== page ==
Barf Diet For Dogs

The dog in your house is a direct relative of the wolves and other wild dogs. Their nutrition is of up most importance and believe it or not, the bags of food you see in the store are not always the best. Dogs need a balanced diet and many people believe that the only way to give them that is with a good, healthy raw diet. Biologically Appropriate Raw Food, or the BARF diet, is designed to feed your pet with the up most care and thought taken. If fed correctly, advocates say that this diet will maximize your pet’s health and lifespan. This diet, according to a large number of users, can provide your dog with everything they need in a far more natural way. Users claim that their pet’s allergies quickly begin to subside, their coat looks magnificent, and recurring ear infections all but disappear. The idea behind the raw diet, is to provide dogs with their natural diet, or the things they would eat in the wild. This does not mean to merely feed your dog big chunks of raw meat. Other elements are required for the diet to be truly healthy and balanced.

Protein

Where is the protein in a dry diet? I know that many people think by switching to wet food that you get the protein because you can see it. Still not always the case, and wet foods can cause all sorts of teeth issues. So, what proteins do you need for the raw diet? The best protein is a raw meat bone from any animal. Butchers and the meat departments of stores usually have these in abundance. Some farmers who sell meat online or at markets will even have a special deal on the pet bones. If you have a puppy, you will need to make sure that the bones are ground up. Chicken is the best source of meat for health, so make sure that over half of your protein comes from chicken. Furthermore, make sure that when your dog is eating the meat bones, you are present. Protein can also come from raw eggs, and use the shell to let them crunch and clean their teeth. Many BARF diets will tell you that your protein percentages should be closely monitored. You need about a bare minimum of 5%, and a maximum of 20% to be from organ meat. This includes liver, gizzards, heart, and kidney. These meats are very healthy and contain the fats that your dog will need. The rest of the fat your dog needs will come from the skin from the meat, or with the addition of other oils in the recipe. Finally, the rest of the protein comes from the muscle meats. The meat needs to be fresh from the market or frozen. This prevents any bacteria from coming in contact with it and becoming toxic to your dog.

Fruits and Vegetables

Only twenty to forty percent of your dog’s diet should be from fruits and vegetables. Fruit and vegetables provide the vitamins the dog needs. There are a few fruits and vegetables that you should not use, as they can be harmful to dogs. Those are grapes, raisins, onions, high doses of garlic, raw potatoes, and the pits of fruits. Good options for fruits and vegetables include peas, carrots, celery, squash, bananas, and even apples. There are a lot more but those are the most common.


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Recipes

The internet is the best place to find a variety of recipes. When searching for recipes, please ensure you choose a reputable source. It may also be worth consulting with your vet before commencing the raw diet. Remember that all dogs are unique and different tastes. Just as you do not like eating the same foods, your dog does not either. A lot of people will tell you that changing your dog’s diet should be done gradually. This is true for pre-packaged foods, but not the raw diet. Your dog greatly benefits from having different meals and ingredients. Each vegetable and protein source offers unique benefits and vitamins. If your dog has not been on a raw diet, it is best to slowly switch over because the taste may be different from what they are used to. Start with a recipe that calls for raw ground meat, eggs with the shells, pureed vegetables, and yogurt. Yogurt is a great dairy to add in due to the probiotics in it. Once they seem okay with this mixture, you can make it in bulk, and then add in your meat bones for the rest of the protein requirements.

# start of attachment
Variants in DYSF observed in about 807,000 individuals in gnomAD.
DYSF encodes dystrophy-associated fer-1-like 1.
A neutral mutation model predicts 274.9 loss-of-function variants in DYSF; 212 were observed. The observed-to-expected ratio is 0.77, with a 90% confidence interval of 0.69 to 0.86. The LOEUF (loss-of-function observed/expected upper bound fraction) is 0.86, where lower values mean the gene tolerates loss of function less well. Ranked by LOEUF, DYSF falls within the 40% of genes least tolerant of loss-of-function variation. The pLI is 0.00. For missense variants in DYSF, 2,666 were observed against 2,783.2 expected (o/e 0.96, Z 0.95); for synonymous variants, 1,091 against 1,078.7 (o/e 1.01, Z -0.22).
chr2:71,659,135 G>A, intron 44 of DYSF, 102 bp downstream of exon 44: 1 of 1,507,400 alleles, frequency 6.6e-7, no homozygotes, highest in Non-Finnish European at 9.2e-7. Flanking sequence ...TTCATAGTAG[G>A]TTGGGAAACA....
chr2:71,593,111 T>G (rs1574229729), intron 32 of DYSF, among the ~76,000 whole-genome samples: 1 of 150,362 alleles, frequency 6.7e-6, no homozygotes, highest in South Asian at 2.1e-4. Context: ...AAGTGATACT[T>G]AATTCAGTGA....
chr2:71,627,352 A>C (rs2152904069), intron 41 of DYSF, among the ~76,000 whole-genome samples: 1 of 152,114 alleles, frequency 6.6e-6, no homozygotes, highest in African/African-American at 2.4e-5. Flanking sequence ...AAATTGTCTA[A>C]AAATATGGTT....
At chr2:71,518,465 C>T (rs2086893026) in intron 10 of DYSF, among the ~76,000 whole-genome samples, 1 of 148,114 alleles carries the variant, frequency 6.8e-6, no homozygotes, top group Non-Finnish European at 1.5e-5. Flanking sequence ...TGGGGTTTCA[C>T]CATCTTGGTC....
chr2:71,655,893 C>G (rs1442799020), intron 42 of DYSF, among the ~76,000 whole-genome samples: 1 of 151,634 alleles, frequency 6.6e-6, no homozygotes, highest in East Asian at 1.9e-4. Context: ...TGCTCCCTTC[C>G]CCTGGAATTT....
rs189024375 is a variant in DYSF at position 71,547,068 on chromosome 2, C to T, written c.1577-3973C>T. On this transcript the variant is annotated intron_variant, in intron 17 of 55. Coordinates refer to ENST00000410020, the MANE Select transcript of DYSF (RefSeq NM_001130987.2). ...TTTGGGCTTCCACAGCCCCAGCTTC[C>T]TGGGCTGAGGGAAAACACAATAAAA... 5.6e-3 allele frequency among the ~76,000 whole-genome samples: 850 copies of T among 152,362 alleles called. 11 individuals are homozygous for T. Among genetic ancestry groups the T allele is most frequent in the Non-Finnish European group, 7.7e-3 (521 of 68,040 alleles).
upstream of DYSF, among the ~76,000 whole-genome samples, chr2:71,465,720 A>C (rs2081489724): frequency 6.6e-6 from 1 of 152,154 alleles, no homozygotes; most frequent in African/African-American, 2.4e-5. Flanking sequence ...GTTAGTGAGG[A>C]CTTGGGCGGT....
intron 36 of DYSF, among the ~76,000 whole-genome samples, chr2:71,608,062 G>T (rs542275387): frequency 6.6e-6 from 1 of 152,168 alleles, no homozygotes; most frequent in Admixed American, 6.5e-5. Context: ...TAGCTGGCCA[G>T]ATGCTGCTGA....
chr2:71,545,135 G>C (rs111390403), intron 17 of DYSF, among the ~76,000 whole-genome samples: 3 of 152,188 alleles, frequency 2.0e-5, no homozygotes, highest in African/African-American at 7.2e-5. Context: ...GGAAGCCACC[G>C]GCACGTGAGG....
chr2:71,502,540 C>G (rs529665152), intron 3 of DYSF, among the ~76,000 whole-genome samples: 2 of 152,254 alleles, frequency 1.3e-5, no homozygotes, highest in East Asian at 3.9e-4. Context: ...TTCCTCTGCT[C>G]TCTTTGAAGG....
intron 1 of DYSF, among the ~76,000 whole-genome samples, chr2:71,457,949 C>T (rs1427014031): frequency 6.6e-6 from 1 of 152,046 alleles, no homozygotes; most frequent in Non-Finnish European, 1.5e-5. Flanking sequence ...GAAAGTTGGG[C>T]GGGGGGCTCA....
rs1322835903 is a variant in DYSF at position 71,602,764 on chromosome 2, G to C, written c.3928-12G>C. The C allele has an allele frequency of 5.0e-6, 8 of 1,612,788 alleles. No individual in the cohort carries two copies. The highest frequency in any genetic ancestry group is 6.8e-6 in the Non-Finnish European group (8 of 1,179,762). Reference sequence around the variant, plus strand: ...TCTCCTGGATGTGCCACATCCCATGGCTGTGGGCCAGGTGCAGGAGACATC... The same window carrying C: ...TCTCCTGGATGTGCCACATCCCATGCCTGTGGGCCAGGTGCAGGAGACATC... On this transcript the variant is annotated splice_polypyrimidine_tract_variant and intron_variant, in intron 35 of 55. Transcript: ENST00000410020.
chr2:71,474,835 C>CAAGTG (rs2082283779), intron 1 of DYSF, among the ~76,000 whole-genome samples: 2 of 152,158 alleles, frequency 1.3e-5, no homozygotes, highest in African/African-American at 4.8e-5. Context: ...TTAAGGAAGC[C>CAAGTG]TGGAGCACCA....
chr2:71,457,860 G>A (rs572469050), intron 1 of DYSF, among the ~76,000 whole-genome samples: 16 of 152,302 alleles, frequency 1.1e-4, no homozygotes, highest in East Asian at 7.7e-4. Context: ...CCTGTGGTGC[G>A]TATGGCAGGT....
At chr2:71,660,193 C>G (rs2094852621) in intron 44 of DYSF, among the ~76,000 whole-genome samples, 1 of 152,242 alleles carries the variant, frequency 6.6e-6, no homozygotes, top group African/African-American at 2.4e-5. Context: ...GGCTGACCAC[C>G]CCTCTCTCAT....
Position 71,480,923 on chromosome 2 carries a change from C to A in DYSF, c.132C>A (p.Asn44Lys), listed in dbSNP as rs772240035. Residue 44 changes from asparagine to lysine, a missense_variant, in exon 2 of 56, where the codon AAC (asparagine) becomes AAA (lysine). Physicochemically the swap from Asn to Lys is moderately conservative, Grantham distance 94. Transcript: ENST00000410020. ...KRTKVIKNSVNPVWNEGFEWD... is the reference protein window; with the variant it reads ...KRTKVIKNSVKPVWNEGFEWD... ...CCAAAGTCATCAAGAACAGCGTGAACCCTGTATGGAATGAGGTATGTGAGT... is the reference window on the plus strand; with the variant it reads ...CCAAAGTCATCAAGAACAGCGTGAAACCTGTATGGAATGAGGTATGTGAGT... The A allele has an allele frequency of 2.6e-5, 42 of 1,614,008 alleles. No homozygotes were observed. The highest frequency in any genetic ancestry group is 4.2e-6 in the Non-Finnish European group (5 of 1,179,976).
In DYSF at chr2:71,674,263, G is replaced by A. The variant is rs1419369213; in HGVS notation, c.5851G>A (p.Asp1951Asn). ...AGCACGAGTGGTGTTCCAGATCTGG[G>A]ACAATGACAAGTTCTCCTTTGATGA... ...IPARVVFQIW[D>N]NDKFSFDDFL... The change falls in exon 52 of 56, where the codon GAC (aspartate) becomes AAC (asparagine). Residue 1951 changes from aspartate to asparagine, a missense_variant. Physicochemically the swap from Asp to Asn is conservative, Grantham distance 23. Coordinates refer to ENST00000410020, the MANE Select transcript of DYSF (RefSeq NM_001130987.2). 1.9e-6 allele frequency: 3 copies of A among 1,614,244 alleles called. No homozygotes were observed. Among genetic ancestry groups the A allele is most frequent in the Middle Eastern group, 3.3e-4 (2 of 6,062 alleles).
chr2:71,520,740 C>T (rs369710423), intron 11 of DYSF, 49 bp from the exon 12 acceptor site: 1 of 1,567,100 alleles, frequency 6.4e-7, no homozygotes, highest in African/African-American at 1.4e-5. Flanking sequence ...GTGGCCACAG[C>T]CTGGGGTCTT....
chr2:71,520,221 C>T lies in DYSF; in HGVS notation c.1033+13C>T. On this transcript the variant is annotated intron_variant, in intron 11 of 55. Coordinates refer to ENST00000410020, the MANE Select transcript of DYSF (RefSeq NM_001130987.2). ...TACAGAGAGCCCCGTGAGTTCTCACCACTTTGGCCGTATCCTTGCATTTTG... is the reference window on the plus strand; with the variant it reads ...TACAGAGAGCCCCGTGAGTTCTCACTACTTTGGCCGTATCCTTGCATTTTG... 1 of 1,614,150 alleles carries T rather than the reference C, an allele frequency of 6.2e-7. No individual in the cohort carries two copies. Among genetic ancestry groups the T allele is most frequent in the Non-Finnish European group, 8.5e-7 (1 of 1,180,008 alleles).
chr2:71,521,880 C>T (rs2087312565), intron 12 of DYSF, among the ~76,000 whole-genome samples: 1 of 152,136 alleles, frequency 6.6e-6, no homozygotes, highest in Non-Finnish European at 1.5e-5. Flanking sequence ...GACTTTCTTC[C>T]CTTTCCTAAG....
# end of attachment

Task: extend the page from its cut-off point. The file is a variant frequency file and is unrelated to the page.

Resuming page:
How Much to Feed

One huge benefit of using pre-packaged foods is the fact they have the serving size on the bag. Did you know that many dogs are overfed, though, due to those feeding requirements? Obesity is one of the biggest health risks for dogs. Knowing your dog’s weight is very important, from knowing medication dosage to feeding needs. When your dog is a puppy, he or she will be weighed every time they go in for their vaccinations. After your dog becomes an adult, they go in once a year for annual boosters, and a health check. The vet will weigh your dog, and you can ask for that weight. When feeding your dog, you want only two to three percent of their weight for their feeding portion. Your vet will be able to give you a precise feeding guide.

Time Savers

Preparing your own dog’s food can easily take quite a bit of your day. This is not a big deal if you have nothing else to do, but for most, that is not a real option. Use frozen vegetables and fruits that are pre-cut. Make meals in a large batch and freeze individual servings. Use your slow cooker, if you choose to make your own dog food, but not the raw diet, prep it, and leave it! If you need to cut costs, work deals with your butchers or farmers. Buy in bulk and shop in the sales. Meat, vegetables, and fruits can easily be frozen. Then you can add in the perishables, such as cottage cheese or eggs before serving.


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